There are a couple of things of particular interest in this case. Firstly, the breach came through a third-party supplier with an external network connection – a small heating and air conditioning company that worked with Target. The malware hack was delivered to them via email.
Secondly, Target had outsourced the vast majority of its security as a managed service to third parties. These companies warned Target of the attack but the lines of authority and responsibility were blurred, confusing Target’s ability to respond.
Forgive the pun, but Target made itself an ‘easy target’. Its decision to save at the front end on digital security resulted in over 90 lawsuits and a legal spend of US$61 million to date. Not exactly a smart saving.
Target is, by no means, alone. In 2015, the Qatar National Bank suffered a data breach that exposed customer passwords, PIN numbers, financial transactions and personal information for more than 100,000 customers. An investigation revealed that hackers accessed the system through an SQL injection flaw in the bank’s website. Sony suffered a number of similar attacks through its web portal, compromising tens of thousands of account holders’ personal details.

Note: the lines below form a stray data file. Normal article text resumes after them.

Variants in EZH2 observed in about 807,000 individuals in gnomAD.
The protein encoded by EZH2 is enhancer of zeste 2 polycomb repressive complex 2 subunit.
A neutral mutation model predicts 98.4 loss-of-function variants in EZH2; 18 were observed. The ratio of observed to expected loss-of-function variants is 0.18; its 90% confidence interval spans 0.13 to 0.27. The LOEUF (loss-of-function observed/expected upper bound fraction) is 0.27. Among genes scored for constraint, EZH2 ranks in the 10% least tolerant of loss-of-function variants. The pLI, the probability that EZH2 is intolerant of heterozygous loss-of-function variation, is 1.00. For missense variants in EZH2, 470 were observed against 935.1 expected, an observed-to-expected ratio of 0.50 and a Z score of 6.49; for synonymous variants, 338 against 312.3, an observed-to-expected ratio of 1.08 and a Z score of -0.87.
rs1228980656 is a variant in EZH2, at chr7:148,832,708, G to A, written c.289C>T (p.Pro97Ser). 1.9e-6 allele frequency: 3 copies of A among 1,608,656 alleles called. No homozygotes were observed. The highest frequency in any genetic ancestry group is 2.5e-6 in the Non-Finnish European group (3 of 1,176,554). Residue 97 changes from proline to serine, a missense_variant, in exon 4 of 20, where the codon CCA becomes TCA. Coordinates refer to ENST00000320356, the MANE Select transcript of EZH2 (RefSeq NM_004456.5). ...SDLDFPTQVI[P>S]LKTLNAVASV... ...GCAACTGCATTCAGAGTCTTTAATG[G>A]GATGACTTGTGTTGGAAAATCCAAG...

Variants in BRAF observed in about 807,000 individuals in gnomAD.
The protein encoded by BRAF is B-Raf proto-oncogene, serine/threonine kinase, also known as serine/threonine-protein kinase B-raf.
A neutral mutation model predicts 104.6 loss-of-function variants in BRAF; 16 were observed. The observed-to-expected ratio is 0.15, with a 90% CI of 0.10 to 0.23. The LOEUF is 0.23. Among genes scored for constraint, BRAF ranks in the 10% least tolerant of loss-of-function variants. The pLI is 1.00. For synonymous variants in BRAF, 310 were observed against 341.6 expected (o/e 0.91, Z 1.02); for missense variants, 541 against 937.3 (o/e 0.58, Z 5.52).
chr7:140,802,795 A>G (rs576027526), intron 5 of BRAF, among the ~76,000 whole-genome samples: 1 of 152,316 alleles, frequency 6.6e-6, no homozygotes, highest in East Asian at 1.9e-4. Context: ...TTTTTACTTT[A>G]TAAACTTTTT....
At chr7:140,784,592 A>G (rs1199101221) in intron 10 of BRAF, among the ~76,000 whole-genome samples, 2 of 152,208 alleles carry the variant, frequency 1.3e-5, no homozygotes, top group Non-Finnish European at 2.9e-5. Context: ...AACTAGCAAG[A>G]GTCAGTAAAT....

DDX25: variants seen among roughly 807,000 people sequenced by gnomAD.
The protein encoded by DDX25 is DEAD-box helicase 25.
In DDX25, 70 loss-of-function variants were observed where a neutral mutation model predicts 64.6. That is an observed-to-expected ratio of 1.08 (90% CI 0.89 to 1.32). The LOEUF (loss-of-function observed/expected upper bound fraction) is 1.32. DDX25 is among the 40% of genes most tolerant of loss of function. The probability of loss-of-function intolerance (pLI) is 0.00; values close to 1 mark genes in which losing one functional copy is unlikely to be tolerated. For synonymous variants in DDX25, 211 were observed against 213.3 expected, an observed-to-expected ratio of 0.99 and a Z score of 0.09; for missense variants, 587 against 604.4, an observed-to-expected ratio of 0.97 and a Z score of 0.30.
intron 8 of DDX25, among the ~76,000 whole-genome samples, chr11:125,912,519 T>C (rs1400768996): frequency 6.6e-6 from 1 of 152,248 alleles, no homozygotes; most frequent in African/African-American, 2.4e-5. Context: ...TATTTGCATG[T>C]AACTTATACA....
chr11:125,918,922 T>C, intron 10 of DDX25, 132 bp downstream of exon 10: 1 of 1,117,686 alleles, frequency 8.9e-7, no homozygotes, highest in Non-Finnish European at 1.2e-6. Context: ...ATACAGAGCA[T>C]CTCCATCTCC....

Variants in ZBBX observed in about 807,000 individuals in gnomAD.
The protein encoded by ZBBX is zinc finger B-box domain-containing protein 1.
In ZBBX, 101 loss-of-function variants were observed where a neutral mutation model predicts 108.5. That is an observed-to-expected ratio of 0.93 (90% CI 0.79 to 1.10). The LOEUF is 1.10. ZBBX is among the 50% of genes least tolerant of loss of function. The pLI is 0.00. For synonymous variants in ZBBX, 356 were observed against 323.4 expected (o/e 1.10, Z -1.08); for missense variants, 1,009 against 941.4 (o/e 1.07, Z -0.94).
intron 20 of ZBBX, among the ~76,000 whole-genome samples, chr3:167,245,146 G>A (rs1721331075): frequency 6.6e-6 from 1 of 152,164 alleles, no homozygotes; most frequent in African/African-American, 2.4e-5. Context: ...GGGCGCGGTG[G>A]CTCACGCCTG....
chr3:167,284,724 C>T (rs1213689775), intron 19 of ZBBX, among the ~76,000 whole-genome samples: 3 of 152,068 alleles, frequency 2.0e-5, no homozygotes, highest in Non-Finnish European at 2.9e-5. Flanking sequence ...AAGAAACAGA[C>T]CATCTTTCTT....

In all of these examples, the problem arose because the company outsourced the responsibility and control of their information security to third party providers.
Now, by no means am I saying that outsourcing is evil. When used wisely and within fit-for-purpose activities, outsourcing can save companies a great deal of money and give access to skills and advice that cannot always be supplied internally.
But the minute you outsource responsibility or governance of information security to a third party, you tie a noose around your neck and hand the end of the rope to a vendor.
If your business critical services are provided via a third party, you need to ensure you have people inside your business who not only actively manage external relationships and deliverables. You also need to have someone who takes full responsibility for information security and its governance, and who has a full incident management procedure prepared in the case of a breach.
If you don’t have this in place, you’ve left the back door wide open and a welcome mat out for any criminal or hacker who wants to come in.